On embedding participatory governance: A new symposium of Critical Policy Studies

Embeddedness is often invoked as a goal for participatory governance, but it tends to remain vaguely defined. So what does embedding participation mean? And how is it achieved? Sonia Bussu, Adrian Bua, Graham Smith and I convened this symposium in Critical Policy Studies in order to explore these questions through case studies from around the world.

The symposium contains five articles that combine theoretical work, to understand alternative conceptualisations and dynamics of embedding and institutionalisation, with three in-depth empirical case studies in Scotland, Barcelona and Brazil.

A very quick overview

In our introduction, Sonia Bussu, Adrian Bua, Graham Smith and I try to address the lack of clarity around what embeddedness means by defining a concept of embeddedness. We outline its spatial, temporal and practice dimensions and how conceptualising this goes beyond common understandings of the similar concept of institutionalisation.

In the second article, Oliver Escobar explores how public officials have managed the tension between radical aspirations and pragamatic challenges in their attempts to embed participatory governance in Scotland.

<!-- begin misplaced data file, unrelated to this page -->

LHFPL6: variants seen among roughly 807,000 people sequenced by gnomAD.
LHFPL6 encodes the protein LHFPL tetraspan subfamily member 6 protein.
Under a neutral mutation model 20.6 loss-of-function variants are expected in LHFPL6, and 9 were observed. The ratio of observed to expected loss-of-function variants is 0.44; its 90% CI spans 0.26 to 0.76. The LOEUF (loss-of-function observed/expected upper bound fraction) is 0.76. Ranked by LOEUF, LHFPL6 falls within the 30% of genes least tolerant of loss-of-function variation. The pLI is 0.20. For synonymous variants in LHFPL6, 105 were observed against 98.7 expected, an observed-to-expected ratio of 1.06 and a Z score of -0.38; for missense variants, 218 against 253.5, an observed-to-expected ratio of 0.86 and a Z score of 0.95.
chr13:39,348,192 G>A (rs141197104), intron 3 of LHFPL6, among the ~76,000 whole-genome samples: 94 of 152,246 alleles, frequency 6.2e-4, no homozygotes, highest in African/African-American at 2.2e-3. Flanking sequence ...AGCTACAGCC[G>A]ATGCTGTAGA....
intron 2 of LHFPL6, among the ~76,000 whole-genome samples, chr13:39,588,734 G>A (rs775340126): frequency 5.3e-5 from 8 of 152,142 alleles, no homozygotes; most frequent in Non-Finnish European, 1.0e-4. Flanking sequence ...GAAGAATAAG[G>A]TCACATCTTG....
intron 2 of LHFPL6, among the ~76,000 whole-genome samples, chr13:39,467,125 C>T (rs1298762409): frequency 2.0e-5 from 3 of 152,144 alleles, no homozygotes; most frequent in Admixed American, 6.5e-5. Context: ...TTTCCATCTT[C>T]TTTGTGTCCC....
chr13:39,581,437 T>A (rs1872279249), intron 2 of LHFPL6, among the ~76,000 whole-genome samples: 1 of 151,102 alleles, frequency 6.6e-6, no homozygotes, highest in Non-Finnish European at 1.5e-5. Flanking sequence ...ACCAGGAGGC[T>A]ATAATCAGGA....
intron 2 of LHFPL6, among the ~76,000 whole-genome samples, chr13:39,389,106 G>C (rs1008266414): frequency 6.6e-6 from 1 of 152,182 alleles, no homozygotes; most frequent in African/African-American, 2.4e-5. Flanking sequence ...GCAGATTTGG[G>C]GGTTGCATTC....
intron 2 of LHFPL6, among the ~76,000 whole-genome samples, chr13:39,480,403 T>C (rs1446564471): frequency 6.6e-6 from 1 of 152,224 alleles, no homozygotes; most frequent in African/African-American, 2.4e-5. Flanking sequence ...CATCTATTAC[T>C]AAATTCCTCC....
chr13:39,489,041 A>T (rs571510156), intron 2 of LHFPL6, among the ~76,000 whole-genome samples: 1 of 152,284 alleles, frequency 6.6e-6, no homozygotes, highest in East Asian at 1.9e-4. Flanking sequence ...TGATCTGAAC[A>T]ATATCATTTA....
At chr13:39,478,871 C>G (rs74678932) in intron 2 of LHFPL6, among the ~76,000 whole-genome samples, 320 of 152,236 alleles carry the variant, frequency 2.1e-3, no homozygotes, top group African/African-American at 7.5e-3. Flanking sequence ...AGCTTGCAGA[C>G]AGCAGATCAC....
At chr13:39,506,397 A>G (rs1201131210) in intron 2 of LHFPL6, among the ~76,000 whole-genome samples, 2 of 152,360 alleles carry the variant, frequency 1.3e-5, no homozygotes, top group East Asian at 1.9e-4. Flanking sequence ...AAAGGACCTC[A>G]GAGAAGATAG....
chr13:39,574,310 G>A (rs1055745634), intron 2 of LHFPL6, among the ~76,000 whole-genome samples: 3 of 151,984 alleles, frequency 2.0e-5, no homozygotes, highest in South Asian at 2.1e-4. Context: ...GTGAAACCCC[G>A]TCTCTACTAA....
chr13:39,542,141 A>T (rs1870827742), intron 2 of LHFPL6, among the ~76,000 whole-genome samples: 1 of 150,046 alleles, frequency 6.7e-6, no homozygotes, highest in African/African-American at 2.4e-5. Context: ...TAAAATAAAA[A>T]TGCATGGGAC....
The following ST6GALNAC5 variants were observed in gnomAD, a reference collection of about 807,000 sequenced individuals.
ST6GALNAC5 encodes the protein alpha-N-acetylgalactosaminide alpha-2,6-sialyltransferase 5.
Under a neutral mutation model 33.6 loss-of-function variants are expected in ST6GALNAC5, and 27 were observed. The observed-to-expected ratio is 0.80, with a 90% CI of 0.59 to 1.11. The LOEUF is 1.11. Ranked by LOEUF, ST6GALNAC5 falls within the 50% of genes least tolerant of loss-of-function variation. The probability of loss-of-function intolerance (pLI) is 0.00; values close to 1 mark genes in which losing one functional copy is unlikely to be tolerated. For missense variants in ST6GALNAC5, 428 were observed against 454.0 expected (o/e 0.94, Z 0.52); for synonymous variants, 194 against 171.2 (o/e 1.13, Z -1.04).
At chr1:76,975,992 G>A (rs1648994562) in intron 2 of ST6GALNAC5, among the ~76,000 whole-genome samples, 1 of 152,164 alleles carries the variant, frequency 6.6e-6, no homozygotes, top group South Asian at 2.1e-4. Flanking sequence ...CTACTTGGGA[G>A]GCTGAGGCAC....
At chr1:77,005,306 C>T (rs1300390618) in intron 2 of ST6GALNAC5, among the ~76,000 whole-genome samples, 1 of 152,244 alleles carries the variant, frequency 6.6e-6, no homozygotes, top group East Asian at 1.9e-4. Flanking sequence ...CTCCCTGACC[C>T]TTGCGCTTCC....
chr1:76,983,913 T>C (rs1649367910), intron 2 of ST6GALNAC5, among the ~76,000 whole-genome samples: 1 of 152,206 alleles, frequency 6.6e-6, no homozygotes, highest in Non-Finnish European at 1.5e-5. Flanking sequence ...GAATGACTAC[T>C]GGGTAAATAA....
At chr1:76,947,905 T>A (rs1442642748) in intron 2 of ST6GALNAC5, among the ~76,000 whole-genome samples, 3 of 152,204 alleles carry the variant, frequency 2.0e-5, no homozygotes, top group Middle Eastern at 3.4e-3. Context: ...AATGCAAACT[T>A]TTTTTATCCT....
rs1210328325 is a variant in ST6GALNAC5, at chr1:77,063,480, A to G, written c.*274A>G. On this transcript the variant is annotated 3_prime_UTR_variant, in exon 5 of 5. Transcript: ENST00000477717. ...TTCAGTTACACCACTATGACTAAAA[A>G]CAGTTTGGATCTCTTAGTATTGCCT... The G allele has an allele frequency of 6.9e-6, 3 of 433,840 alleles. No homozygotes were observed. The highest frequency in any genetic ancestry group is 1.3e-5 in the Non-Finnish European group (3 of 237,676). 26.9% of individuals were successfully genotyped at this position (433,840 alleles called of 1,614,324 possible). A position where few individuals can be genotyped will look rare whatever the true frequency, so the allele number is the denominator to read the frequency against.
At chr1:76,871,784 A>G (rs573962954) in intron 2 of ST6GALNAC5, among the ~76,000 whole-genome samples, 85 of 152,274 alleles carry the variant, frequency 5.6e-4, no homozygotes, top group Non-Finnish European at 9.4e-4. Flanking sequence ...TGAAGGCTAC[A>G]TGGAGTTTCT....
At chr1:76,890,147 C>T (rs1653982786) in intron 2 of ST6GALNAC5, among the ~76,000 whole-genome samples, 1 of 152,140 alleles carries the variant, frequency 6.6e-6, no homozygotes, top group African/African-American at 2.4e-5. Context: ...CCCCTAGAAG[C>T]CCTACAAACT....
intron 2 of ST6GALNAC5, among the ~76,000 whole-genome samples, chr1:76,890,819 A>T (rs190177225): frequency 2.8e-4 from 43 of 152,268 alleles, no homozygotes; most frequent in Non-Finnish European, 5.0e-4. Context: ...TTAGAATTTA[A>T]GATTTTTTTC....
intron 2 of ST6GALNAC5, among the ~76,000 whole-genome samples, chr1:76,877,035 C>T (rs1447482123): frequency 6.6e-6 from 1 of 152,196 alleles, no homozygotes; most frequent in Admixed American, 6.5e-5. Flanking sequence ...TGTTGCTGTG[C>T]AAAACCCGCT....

Dimitri Courant then develops a typology for understanding the institutionalisation of deliberative mini-publics, outlining four types that he calls: tamed consultation, radical democracy, representative klerocracy and hybrid polyarchy.

Why do political parties introduce participatory governance? Carla Bezerra demonstrates the complex combination of pragmatic and ideological motivations that drove PT’s participatory reforms in Brazil in her article.

In the final article, Ismael Blanco, Vivien Lowndes and Yuni Salazar explore the dynamics of institutionalising participation in Barcelona, showing the ways that rules, practices and narratives combine or disalign to produce stability and change.

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